ORIGINAL RESEARCH article
Impact of a Combined Philosophy and Mindfulness Intervention on Positive and Negative Indicators of Mental Health Among Pre-kindergarten Children: Results From a Pilot and Feasibility Study
- 1Department of Psychology, Faculty of Arts and Science, Bishop's University, Sherbrooke, QC, Canada
- 2Department of Education, University of Quebec in Outaouais, Gatineau, QC, Canada
- 3Department of Psychology, Université de Montréal, Montreal, QC, Canada
- 4Department of Education and Pedagogy, Université du Québec à Montréal, Montreal, QC, Canada
- 5Department of Didactics, Université de Montréal, Montreal, QC, Canada
- 6Department of Preschool and Primary School Education, Université de Sherbrooke, Sherbrooke, QC, Canada
Background: Fostering greater resiliency to stress, optimal psychosocial development and promoting better mental health and well-being in youth is an important goal of the Canadian and American elementary school systems (1, 2). Recent research on mindfulness and philosophy for children (P4C) has yielded promising results regarding innovative interventions that may be implemented in elementary school settings to foster greater child resiliency and well-being (3–5).
Goal: The goal of this feasibility study was to pilot a new intervention, which combines mindfulness meditation and P4C activities, with the goal of improving mental health in pre-kindergarten children, assessed with positive (i.e., social skills and adaptability) and negative (i.e., internalized symptoms, comprises depression, anxiety, inattention; and hyperactivity) indicators.
Methods: A randomized cluster trial with a wait-list control group was employed to evaluate the impact of the combined MBI and P4C intervention on child mental health. Two classrooms of pre-kindergarten children (N = 38, mean age = 4.6 years old) took part in this study and were randomly allocated to the experimental or wait-list control conditions. Teachers completed pre- and post-intervention questionnaires.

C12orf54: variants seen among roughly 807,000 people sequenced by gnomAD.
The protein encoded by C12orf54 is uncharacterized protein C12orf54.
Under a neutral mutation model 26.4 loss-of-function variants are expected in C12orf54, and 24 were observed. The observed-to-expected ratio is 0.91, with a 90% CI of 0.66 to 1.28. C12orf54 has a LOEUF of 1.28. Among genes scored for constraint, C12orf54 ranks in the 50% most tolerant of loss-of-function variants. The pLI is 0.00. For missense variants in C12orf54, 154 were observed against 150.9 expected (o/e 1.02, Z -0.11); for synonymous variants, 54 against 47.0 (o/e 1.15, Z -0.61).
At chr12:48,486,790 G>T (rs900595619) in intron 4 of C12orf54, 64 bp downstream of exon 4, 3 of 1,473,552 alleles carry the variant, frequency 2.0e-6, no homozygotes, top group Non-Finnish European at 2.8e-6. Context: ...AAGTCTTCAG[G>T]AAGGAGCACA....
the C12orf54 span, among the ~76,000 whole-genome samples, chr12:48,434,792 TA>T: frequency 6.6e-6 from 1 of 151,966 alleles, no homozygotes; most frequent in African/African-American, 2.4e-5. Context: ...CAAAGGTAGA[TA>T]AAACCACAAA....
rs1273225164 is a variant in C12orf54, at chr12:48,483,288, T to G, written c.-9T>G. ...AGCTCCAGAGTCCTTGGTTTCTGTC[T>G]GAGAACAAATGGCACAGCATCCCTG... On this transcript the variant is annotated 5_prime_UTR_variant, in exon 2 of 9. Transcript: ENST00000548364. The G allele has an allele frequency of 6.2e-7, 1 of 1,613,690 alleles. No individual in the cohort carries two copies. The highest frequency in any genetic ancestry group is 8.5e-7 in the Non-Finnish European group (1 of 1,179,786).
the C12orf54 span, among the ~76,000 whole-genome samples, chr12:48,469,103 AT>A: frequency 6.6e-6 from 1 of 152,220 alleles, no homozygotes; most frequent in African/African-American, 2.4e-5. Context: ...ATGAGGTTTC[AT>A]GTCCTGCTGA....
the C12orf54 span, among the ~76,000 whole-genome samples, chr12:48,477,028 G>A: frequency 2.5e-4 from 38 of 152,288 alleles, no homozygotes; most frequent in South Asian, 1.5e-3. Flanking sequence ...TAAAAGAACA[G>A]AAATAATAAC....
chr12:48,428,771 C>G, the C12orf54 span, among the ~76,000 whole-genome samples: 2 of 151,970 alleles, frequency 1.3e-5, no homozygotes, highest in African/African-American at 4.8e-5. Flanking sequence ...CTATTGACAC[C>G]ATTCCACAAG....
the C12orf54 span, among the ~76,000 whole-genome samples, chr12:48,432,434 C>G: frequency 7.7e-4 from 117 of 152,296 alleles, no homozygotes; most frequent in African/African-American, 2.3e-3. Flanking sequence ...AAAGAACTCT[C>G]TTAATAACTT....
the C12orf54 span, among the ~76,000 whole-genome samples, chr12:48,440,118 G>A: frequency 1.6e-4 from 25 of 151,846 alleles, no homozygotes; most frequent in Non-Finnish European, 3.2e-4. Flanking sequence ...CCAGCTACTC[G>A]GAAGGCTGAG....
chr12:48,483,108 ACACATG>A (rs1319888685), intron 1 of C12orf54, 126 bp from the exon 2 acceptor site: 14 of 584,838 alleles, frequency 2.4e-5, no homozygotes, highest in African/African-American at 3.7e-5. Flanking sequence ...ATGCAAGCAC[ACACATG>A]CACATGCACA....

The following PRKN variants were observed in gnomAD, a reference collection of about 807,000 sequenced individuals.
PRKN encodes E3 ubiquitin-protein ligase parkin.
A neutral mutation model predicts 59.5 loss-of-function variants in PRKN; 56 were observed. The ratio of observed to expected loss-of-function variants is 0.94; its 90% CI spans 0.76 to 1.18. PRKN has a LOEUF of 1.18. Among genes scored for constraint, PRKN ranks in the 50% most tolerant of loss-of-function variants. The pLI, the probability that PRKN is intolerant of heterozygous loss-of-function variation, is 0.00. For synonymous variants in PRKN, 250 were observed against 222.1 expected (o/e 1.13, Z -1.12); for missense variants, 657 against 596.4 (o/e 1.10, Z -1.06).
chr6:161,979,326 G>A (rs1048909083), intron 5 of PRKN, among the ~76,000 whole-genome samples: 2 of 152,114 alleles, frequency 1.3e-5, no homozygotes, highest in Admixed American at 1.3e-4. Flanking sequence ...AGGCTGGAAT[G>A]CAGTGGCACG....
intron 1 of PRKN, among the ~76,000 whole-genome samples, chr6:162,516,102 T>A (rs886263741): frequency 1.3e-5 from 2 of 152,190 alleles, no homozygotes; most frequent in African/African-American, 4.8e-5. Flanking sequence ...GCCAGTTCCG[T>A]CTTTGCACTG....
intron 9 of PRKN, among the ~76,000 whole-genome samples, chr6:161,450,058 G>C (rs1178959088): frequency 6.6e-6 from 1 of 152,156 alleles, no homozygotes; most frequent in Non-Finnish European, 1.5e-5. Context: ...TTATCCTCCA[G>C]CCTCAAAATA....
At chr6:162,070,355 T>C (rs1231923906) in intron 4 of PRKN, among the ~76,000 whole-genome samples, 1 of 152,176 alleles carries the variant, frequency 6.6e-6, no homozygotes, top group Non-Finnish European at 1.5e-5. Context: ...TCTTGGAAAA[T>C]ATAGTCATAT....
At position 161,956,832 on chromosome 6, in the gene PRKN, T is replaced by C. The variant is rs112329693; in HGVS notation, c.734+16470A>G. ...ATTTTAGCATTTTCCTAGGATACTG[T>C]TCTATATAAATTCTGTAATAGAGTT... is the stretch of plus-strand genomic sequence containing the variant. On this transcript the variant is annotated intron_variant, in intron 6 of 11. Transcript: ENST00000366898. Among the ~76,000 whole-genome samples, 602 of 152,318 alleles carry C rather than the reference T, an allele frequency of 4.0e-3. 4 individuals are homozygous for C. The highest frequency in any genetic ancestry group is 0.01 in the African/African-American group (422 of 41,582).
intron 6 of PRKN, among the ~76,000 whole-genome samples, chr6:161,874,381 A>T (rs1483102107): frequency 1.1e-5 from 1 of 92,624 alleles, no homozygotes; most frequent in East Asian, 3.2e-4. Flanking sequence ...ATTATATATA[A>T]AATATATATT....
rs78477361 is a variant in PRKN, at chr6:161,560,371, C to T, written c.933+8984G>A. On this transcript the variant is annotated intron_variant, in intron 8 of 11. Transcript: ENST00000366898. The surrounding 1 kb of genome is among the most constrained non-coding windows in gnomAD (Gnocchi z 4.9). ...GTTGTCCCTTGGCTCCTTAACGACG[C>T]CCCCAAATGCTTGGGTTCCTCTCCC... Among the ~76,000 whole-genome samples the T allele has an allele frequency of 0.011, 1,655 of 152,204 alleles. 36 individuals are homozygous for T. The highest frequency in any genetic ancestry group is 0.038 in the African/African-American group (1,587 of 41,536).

Results: ANCOVAs did not reveal a significant effect of condition on internalized symptoms, controlling for baseline levels. Sensitivity analyses indicated that for the whole sample, internalized symptom scores were statistically significantly lower at post-intervention, when compared to pre-intervention scores. No impact of group on levels of hyperactivity was found, however, sensitivity analyses indicated that for both the experimental and control groups, hyperactivity scores were statistically significantly lower at post-intervention, when compared to pre-intervention scores. Finally, no impact of group on levels of social skills and adaptability were found. Sensitivity analyses conducted using paired t-tests did not indicate statistically significant pre-to-post changes in scores for both variables.
Conclusion: These preliminary results suggest that mindfulness and philosophy for children may not be the most effective intervention to foster short-term resiliency, well-being and better mental health in children. Yet, group differences were often small and past research suggested the effectiveness of this type of intervention. Further research considering the impact of moderators such as age or baseline levels of psychopathology, using longer time frames and comparing the effectiveness of this combined intervention with other types of school-based interventions with similar aims (such as, e.g., P4C or MBI alone) is warranted, to evaluate if mindfulness and P4C interventions have an added value compared to other types of interventions implemented in school settings.
Fostering greater resiliency to stress, optimal psychosocial development and promoting better mental health and well-being in youth is an important goal of the Quebec (Canadian province) and American elementary school systems (1, 2). In Canada, 20% of elementary school children have received a diagnosis of a psychological disorder (6). However, only a fifth of youth who need help actually have access to mental health services (7). Given the high prevalence of psychological difficulties in elementary school children, it appears crucial to develop interventions that can help them foster greater resiliency, better mental health and well-being. Resiliency is comprised of two essential components, which are (1) the presence of a significant risk/adversity (e.g., for one's own mental health); and (2) a positive adaptation in spite of this risk/adversity (8). Resiliency is considered to be a dynamic process, which results from interactions between personal attributes (e.g., emotional regulation skills, well-being, social skills, perseverance) and environmental risk and protective factors (8, 9).
In order to fully understand the concept of mental health, researchers have recently suggested to conceptualize it as the result of both positive (e.g., well-being and positive affect) and negative indicators (e.g., symptoms pertaining to psychopathology and negative affect) (10). Developing prevention strategies and interventions has been recommended as a potential solution to reach a greater number of students and to prevent psychological disorders, while fostering greater well-being (11). Recent research on mindfulness and philosophy for children has put forth promising results regarding innovative school interventions that may foster greater resiliency and well-being in elementary school children (3–5).
Mindfulness-Based Interventions for Youth